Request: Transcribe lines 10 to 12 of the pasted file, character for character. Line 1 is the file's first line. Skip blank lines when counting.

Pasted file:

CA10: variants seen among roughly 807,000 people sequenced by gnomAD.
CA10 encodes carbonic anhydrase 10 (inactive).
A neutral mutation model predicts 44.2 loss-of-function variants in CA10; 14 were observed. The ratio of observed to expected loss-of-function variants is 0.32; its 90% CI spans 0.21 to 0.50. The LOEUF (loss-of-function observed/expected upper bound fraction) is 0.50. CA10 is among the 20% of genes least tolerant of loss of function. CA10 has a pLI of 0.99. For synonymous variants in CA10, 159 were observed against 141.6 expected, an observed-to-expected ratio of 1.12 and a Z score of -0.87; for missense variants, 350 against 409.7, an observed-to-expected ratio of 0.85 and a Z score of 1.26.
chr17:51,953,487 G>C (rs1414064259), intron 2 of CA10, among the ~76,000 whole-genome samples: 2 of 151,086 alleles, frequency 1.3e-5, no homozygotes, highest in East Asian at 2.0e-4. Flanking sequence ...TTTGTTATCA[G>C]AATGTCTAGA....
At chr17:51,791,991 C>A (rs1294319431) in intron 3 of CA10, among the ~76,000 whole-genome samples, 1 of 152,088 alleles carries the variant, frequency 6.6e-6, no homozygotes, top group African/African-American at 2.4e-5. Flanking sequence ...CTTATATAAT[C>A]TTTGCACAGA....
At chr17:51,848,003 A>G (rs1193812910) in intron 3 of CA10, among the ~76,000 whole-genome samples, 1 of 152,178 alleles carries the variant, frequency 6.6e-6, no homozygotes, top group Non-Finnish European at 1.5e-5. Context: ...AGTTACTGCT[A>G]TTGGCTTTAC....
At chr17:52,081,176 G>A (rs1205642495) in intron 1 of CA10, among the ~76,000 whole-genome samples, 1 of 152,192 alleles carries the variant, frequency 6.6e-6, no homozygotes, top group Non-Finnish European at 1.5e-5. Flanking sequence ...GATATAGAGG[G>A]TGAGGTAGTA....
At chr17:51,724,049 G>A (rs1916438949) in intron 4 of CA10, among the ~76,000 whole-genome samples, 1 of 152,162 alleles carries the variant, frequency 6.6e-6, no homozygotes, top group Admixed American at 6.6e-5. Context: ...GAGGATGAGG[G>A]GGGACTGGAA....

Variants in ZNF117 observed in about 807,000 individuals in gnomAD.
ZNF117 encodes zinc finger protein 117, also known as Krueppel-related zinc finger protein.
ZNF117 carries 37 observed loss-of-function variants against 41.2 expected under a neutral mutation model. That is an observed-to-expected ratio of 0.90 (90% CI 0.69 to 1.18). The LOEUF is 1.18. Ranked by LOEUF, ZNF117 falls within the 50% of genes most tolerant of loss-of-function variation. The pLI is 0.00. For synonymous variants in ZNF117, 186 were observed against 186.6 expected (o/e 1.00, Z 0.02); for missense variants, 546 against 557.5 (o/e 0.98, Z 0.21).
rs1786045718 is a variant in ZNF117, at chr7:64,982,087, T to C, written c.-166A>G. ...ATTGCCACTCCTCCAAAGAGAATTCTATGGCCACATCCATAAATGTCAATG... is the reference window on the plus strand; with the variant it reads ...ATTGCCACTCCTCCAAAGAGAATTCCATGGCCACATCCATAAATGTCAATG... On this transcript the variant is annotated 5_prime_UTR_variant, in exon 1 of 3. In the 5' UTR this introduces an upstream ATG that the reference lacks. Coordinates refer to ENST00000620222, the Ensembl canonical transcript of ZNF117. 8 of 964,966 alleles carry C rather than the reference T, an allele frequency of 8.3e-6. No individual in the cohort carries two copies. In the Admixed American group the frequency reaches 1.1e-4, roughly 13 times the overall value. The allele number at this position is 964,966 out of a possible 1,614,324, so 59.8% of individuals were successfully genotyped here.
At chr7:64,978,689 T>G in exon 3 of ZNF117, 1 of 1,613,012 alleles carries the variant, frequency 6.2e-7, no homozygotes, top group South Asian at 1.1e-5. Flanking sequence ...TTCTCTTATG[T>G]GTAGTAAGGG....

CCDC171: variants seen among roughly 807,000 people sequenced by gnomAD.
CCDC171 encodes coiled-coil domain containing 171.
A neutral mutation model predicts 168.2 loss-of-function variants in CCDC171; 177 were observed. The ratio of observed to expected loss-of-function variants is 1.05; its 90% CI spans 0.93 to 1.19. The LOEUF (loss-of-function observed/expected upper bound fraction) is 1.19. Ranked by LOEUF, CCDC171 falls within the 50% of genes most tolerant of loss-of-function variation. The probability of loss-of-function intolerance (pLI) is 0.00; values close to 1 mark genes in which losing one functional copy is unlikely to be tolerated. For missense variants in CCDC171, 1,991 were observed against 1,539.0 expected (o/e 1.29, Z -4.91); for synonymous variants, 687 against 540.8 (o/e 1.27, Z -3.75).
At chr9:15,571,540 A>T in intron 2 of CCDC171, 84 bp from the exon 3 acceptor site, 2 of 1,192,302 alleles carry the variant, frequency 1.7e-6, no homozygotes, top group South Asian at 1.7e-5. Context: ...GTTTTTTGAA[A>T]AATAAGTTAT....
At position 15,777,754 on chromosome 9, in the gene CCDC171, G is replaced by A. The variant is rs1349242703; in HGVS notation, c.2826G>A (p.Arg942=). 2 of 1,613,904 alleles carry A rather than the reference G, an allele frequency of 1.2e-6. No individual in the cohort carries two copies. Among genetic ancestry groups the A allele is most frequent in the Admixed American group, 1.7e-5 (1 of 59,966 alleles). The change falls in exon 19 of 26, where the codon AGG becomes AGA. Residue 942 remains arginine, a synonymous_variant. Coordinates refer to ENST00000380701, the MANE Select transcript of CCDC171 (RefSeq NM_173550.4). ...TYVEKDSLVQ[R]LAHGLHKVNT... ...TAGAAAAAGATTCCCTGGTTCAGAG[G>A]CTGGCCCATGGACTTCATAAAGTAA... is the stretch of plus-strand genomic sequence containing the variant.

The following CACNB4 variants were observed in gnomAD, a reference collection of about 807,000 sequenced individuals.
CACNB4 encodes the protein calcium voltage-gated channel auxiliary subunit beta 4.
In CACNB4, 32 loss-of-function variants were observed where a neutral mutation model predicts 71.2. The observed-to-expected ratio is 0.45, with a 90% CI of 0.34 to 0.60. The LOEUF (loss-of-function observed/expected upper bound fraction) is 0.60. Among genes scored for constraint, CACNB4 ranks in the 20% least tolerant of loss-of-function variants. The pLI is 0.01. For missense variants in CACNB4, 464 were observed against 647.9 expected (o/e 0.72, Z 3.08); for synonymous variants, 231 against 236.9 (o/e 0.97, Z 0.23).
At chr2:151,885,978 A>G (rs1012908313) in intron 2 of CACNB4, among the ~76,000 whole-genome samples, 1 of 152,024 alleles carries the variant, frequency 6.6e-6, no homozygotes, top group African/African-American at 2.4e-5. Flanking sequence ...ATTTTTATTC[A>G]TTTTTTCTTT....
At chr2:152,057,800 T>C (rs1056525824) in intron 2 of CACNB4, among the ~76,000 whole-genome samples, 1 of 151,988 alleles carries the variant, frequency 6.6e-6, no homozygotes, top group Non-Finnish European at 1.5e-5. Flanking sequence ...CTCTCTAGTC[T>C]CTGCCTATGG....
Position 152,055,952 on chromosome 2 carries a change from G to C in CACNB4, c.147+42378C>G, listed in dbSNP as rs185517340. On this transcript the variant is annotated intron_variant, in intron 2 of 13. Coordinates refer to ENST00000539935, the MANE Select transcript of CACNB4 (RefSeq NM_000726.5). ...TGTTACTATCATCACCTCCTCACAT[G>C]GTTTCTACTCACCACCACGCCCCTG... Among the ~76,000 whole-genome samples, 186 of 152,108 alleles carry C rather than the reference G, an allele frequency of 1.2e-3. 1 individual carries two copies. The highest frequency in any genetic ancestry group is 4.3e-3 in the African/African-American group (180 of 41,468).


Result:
ZNF117 encodes zinc finger protein 117, also known as Krueppel-related zinc finger protein.
ZNF117 carries 37 observed loss-of-function variants against 41.2 expected under a neutral mutation model. That is an observed-to-expected ratio of 0.90 (90% CI 0.69 to 1.18). The LOEUF is 1.18. Ranked by LOEUF, ZNF117 falls within the 50% of genes most tolerant of loss-of-function variation. The pLI is 0.00. For synonymous variants in ZNF117, 186 were observed against 186.6 expected (o/e 1.00, Z 0.02); for missense variants, 546 against 557.5 (o/e 0.98, Z 0.21).
rs1786045718 is a variant in ZNF117, at chr7:64,982,087, T to C, written c.-166A>G. ...ATTGCCACTCCTCCAAAGAGAATTCTATGGCCACATCCATAAATGTCAATG... is the reference window on the plus strand; with the variant it reads ...ATTGCCACTCCTCCAAAGAGAATTCCATGGCCACATCCATAAATGTCAATG... On this transcript the variant is annotated 5_prime_UTR_variant, in exon 1 of 3. In the 5' UTR this introduces an upstream ATG that the reference lacks. Coordinates refer to ENST00000620222, the Ensembl canonical transcript of ZNF117. 8 of 964,966 alleles carry C rather than the reference T, an allele frequency of 8.3e-6. No individual in the cohort carries two copies. In the Admixed American group the frequency reaches 1.1e-4, roughly 13 times the overall value. The allele number at this position is 964,966 out of a possible 1,614,324, so 59.8% of individuals were successfully genotyped here.